Overcoming The Biggest Challenges Of Being A Freelancing

As much as I love freelancing, I know that not everything thinks it’s all sunshine and rainbows.

Today let’s chat about the challenges that come with freelancing and share some tips to help you handle them.

Finding clients

One of the biggest challenges of being a freelancer is finding clients.

Possible Solutions:

I’ve been thankful that this hasn’t every really been an issue for me. Why? Because I have a strong network of folks who hire me for big-sized projects. Make sure that you’re top of mind with your network by periodically touching base with them and reminding them that you’re available for freelance work. You can do that through email or through social media platforms. LinkedIn is a great one to use.

Keep your pipeline full by thinking ahead. You may have plenty of business now, but do you have any lined up for 3 months from now? Think ahead and be proactive.fle

Managing cash flow

Another challenge of freelancing is managing cash flow. Your income can be unpredictable, making it difficult to plan for the future. You may have periods where you’re swamped with work and making more money than you can handle, followed by dry spells where you’re struggling to pay the bills.

Also, if you’re not accounting for setting aside taxes, that tax bill can really hit you come tax season.

Possible Solutions:

It’s important to develop a solid financial plan. Set aside a portion of your income for taxes, savings, and emergency expenses. Create a budget to help you manage your expenses and cash flow. First, start with how much you expect to earn overall for the year, and what your expenses are. You may find that on certain months you make much more than your minimum, and on some months, much less. On the months that you make more, set aside the excess as a “buffer” to help you get through the months when you make less. It can be difficult to stick t your budget on the months that you’re making excess, but it’s very important to set money aside as a buffer when you’re making variable income like you do when you’re a freelancer.

Maintaining work-life balance

Freelancers can struggle with maintaining a healthy work-life balance. I mean, can’t we all?!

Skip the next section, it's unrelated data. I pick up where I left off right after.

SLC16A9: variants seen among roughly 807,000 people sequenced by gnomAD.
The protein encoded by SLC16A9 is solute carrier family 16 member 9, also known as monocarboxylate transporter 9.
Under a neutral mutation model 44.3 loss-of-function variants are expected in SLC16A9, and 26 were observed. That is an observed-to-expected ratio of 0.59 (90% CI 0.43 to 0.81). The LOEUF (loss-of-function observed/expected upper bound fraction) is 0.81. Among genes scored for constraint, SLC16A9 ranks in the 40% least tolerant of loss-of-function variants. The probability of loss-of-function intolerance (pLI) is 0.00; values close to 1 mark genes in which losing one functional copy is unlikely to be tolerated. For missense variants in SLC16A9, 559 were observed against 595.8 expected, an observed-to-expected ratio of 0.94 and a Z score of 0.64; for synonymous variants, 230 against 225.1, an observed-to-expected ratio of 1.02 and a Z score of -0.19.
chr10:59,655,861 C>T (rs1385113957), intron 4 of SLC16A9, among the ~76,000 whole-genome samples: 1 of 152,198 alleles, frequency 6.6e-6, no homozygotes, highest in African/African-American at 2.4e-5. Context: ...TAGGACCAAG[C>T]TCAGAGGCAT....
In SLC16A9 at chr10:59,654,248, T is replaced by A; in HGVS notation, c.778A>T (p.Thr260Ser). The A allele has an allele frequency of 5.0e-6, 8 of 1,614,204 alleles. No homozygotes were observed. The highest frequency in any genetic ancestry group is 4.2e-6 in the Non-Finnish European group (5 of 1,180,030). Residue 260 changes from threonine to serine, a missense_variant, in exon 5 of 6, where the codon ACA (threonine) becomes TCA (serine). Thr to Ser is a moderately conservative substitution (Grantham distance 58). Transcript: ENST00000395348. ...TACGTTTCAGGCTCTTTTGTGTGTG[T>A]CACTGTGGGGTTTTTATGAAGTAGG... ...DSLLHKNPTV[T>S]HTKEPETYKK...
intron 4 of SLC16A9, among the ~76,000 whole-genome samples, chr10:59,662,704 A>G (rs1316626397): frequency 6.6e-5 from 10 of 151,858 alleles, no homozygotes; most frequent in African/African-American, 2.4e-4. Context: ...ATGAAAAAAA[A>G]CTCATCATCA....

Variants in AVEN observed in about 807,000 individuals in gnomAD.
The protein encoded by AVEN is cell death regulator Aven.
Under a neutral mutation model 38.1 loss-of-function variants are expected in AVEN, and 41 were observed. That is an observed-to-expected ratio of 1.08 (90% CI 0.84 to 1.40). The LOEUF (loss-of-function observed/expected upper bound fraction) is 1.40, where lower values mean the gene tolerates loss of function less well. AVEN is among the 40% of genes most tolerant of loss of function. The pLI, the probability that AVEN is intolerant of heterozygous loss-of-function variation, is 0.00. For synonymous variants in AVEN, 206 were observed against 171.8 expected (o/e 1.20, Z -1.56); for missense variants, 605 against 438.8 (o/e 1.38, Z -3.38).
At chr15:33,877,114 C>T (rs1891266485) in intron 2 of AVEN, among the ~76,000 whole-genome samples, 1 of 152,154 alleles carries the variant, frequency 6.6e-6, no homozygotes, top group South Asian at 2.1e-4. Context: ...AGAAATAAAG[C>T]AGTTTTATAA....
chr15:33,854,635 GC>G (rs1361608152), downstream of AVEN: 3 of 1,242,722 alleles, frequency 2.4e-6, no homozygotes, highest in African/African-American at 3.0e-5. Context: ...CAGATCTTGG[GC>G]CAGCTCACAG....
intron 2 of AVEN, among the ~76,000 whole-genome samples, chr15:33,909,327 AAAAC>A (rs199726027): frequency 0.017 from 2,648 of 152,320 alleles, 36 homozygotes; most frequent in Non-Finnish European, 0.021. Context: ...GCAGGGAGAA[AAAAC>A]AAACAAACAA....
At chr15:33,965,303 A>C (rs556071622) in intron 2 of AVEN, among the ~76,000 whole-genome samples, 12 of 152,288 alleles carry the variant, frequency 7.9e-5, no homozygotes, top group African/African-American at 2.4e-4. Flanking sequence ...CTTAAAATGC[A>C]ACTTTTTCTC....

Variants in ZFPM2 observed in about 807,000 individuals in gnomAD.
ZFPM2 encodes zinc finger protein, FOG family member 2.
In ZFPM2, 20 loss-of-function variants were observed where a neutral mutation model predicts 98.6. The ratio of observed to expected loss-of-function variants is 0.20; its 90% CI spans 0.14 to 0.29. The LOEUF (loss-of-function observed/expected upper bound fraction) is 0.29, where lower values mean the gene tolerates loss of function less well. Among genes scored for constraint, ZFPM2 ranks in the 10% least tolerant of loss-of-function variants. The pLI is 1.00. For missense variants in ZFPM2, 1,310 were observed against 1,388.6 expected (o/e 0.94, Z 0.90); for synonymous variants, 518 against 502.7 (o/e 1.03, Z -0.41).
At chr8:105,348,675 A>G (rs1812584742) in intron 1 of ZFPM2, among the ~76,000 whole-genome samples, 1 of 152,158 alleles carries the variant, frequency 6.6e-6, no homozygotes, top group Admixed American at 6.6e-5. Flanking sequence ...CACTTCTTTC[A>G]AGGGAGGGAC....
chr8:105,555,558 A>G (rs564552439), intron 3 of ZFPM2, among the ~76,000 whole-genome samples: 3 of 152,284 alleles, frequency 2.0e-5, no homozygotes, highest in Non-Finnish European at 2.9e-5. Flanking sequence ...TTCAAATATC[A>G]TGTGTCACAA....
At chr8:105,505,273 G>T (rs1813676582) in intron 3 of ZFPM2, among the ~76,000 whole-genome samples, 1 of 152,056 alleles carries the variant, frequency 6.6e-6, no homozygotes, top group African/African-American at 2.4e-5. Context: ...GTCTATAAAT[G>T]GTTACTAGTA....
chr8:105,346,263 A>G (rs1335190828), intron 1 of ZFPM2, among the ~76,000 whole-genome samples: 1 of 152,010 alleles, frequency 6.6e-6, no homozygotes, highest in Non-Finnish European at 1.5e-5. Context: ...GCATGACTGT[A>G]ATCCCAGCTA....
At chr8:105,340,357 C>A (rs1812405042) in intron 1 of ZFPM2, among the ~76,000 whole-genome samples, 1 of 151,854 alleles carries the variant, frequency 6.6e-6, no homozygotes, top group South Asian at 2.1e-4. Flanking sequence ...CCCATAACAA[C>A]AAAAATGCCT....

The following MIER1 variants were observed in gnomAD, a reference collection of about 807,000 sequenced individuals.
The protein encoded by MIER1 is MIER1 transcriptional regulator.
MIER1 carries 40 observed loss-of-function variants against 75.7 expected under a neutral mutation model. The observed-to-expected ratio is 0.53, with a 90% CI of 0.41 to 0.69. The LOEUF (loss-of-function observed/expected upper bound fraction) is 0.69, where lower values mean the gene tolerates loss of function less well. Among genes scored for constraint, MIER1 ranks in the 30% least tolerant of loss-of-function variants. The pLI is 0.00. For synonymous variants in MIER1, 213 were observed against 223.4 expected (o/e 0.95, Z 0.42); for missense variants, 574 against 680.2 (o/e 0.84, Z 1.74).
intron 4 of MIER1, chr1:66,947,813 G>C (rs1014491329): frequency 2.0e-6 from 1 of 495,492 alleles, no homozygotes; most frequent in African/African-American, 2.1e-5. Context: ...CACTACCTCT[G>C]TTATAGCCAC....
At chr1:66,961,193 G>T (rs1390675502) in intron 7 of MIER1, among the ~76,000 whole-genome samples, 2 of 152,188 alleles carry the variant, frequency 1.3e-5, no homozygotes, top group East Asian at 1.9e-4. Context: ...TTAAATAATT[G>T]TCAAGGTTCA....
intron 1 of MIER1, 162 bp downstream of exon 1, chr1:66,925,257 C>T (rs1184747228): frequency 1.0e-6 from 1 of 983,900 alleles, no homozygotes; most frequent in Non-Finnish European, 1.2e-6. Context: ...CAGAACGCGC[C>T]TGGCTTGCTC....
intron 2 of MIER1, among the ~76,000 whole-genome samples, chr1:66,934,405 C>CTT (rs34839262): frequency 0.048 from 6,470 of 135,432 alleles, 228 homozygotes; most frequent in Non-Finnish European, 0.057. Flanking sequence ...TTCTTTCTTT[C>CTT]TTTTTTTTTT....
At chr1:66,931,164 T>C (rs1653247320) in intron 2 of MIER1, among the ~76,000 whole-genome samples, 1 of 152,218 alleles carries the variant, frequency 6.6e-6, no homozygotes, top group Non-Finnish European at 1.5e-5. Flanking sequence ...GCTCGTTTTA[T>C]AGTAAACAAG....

Without the structure of a traditional office environment, it can be easy to let work bleed into your personal life. You may find yourself working late into the night or on weekends just to keep up with your workload.

Personally, I think that this is a plus. I like the flexibility of working late or early or on weekends if I need to get something done because I

But I get how it can get out of hand.

Possible Solutions:

To overcome this challenge, set boundaries around your work hours and stick to them. Create a dedicated workspace that you can leave at the end of the day, and make time for hobbies, exercise, and socializing with friends and family.

Staying motivated

Finally, freelancers face the challenge of staying motivated. Without the pressure of a boss or manager, it can be difficult to stay focused and productive. You may find yourself procrastinating or struggling to stay on task.

Possible Solutions:

It’s important to develop a routine and set goals for yourself. Create a schedule and stick to it, and break your work down into smaller, manageable tasks. Consider using productivity tools and apps to help you stay on track.

Feeling Like You’re An Employee… Without the Benefits

Here’s a common challenge that I hear:

Feeling like you’re an employee without the benefits.

This can easily happen when a company wants a “temporary” worker, but that worker ends up acting as part of the workforce, with the same expectation of the rest of the employees, ie working a full schedule, etc.

Unless you have a very specific goal in mind that is met by doing this, I strongly advise against doing this.

Here’s why:

You’re not getting any of the benefits of freelancing. In this situation, you have a complete lack of flexibility. I hear a lot of people have negative experiences with freelancing, and it often comes back to this reason.

If you find yourself faced with a situation like this, re-examine your why.

These are some signs that you’re not acting as a true freelancer but rather as a temporary “employee”:

  • You’re expected to be available during all business hours, and feel like you need to let them know when you’re going to step away.
  • You “request” vacation instead of scheduling vacation on your own terms.
  • You can’t take on any other clients.

Being a freelancer comes with its own unique challenges. To overcome these challenges, you’ll need to be proactive and take steps to market your services, manage your finances, take care of yourself and your family, and stay motivated.

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